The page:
A chronic care ostomy self-management program for cancer survivors

Robert S. Krouse, Marcia Grant, Ruth McCorkle, Christopher S. Wendel, Martha D. Cobb, Nancy J. Tallman, Elizabeth Ercolano, Virginia Sun, Judith H. Hibbard, Mark C. Hornbrook

Research output: Contribution to journalArticlepeer-review

42 Scopus citations


Background Individuals with ostomies experience extensive changes in health-related quality of life (HRQOL) and daily routine. Patients and families are typically forced to use trial and error to improve self-management. Methods This is a longitudinal one-group design pilot study of a five-session ostomy self-care curriculum based on the Chronic Care Model to improve HRQOL and self-management for cancer survivors with ostomies. Participants were surveyed to evaluate each session. Multiple instruments were administered to examine outcomes at baseline, post-intervention, and at 6-month follow-up (Patient Activation Measure, self-efficacy, Hospital Anxiety and Depression Scale, Ways of Coping, Group Health Association of America Satisfaction with ostomy care survey, and the City of Hope Quality of Life Ostomy). Changes from pre-intervention to post-intervention and pre-intervention to follow-up were evaluated with paired t-tests. Text responses were coded and evaluated for important themes and recommendations. Results Thirty-eight subjects participated in the study. Most had a history of rectal cancer (60.5%) or bladder cancer (28.9%). Participants rated the overall program high (4.4-4.8 on 5-point scale). Text feedback indicated that participants enjoyed the group forums, wanted more participants, and more hands-on training. Scores on multiple surveys were shown to be improved and sustained, including patient activation (p = 0.0004), self-efficacy (p = 0.006), total HRQOL (p = 0.01), physical well-being (p = 0.005), and social well-being (p = 0.002). Survivor anxiety was significantly reduced by follow-up (p = 0.047). Conclusions This self-management ostomy program can help cancer survivors with ostomies adapt to their stoma. Initiating this program in the community setting would be beneficial to many cancer survivors.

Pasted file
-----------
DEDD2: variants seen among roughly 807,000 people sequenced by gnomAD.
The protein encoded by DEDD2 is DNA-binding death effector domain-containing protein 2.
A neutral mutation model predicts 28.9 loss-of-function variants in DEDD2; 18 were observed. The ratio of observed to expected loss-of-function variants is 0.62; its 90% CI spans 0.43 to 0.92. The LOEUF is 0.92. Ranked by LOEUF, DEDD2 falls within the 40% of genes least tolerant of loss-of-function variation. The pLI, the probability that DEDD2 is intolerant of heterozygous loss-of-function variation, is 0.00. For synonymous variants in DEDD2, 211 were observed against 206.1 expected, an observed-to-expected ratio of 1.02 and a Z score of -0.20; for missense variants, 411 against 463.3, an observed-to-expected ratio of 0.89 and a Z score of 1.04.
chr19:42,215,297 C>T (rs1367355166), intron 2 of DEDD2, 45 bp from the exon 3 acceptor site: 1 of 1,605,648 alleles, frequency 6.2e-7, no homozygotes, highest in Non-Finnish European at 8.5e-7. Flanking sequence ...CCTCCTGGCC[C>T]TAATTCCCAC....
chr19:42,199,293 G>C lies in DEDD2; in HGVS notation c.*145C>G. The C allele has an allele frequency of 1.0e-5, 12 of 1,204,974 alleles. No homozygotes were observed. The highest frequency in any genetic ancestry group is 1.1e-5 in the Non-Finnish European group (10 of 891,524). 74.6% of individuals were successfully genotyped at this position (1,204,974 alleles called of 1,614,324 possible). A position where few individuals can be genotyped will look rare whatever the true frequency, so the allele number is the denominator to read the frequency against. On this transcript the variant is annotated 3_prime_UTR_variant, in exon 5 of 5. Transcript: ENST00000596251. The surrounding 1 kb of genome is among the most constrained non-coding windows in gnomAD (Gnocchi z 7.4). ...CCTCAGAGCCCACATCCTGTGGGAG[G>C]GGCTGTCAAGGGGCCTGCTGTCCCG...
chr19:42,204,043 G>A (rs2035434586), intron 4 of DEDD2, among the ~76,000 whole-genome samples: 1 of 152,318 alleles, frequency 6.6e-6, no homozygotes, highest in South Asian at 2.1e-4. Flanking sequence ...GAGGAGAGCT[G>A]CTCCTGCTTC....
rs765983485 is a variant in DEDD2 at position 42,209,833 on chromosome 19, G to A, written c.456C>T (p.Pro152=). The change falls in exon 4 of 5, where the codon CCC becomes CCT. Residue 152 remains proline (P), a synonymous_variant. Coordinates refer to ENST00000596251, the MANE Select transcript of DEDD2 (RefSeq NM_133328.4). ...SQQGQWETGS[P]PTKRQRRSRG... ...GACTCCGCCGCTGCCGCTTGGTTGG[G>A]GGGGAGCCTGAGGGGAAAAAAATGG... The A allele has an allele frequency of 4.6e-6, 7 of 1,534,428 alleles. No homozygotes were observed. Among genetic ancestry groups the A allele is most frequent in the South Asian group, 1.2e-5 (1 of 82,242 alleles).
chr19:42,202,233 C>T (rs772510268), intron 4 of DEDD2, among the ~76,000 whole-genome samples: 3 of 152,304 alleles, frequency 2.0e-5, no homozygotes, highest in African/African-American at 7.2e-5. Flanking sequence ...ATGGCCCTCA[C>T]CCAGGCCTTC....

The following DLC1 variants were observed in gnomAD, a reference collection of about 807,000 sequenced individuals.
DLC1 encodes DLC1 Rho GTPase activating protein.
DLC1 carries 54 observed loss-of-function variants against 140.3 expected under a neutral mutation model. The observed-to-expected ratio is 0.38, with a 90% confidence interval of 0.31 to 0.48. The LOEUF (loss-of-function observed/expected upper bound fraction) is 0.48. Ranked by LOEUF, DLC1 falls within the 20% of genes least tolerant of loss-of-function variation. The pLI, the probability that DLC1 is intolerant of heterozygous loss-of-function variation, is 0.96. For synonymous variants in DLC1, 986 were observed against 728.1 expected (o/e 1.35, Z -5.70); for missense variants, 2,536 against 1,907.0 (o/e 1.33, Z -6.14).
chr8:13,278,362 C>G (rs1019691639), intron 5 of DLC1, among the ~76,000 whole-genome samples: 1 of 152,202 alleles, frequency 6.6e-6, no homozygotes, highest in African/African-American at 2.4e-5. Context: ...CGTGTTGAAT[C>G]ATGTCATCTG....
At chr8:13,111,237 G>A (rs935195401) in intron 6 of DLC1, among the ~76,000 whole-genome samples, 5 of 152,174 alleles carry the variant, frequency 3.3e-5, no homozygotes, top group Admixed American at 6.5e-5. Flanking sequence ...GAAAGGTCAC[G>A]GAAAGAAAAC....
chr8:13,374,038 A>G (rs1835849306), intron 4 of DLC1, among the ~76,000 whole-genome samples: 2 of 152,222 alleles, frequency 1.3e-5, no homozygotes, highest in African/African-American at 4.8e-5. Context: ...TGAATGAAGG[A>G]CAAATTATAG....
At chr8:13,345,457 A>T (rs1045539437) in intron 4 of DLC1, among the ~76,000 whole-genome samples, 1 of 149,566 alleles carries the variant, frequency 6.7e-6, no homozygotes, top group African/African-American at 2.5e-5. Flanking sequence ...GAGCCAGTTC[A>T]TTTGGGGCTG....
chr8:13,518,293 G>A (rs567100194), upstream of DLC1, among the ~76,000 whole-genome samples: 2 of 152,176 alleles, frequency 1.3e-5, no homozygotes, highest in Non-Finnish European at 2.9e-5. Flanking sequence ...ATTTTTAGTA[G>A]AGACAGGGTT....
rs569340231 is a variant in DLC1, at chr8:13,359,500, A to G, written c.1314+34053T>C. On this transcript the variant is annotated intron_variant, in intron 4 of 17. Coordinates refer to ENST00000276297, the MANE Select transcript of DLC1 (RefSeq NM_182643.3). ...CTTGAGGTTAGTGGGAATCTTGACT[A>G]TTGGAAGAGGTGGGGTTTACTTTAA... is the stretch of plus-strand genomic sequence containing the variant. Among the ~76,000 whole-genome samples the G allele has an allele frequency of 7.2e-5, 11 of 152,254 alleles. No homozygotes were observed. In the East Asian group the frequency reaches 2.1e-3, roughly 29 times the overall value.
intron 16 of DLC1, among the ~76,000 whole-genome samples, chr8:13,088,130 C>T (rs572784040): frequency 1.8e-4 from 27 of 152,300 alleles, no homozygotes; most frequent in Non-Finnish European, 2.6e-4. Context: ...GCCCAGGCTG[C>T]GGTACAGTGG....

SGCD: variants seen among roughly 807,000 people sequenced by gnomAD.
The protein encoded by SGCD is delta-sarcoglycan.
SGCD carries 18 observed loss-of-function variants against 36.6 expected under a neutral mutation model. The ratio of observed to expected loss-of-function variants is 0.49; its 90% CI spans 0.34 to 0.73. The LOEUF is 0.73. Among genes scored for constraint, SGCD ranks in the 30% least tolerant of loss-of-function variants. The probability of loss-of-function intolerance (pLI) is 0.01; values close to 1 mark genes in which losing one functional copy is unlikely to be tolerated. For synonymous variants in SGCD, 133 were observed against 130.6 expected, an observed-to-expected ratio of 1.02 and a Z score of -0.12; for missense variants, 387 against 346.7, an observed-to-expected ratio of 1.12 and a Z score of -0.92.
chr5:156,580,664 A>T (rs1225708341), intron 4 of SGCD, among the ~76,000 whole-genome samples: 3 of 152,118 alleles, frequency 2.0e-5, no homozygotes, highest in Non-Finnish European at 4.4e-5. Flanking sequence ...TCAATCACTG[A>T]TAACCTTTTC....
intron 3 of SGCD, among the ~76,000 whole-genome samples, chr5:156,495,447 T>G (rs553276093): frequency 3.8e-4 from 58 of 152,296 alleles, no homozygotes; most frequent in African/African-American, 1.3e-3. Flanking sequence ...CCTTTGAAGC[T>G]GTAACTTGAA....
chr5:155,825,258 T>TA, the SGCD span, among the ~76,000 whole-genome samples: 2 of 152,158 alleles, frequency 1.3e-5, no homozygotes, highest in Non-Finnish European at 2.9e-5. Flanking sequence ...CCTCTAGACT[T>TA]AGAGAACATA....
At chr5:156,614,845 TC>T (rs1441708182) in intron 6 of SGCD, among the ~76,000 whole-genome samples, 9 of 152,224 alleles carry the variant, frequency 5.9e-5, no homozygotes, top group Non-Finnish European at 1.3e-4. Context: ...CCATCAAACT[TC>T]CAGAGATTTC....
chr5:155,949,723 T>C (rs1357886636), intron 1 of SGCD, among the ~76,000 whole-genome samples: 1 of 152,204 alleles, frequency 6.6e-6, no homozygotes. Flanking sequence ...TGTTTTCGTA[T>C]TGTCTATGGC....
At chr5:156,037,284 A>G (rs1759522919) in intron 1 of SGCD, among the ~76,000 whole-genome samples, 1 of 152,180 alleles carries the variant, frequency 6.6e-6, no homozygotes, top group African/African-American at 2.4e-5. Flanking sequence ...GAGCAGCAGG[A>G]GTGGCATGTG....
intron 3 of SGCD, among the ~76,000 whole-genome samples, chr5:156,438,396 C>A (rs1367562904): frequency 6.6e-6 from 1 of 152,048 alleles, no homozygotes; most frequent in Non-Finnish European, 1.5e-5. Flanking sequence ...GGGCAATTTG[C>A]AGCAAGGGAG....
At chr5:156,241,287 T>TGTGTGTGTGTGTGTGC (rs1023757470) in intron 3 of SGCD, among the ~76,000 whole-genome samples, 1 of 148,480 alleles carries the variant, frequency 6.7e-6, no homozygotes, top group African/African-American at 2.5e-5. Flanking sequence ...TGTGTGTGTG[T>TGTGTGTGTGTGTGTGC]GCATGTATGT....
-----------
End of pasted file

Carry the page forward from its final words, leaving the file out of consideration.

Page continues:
Original languageEnglish (US)
Pages (from-to)574-581
Number of pages8
Issue number5
StatePublished - May 1 2016

ASJC Scopus subject areas

  • Experimental and Cognitive Psychology
  • Oncology
  • Psychiatry and Mental health


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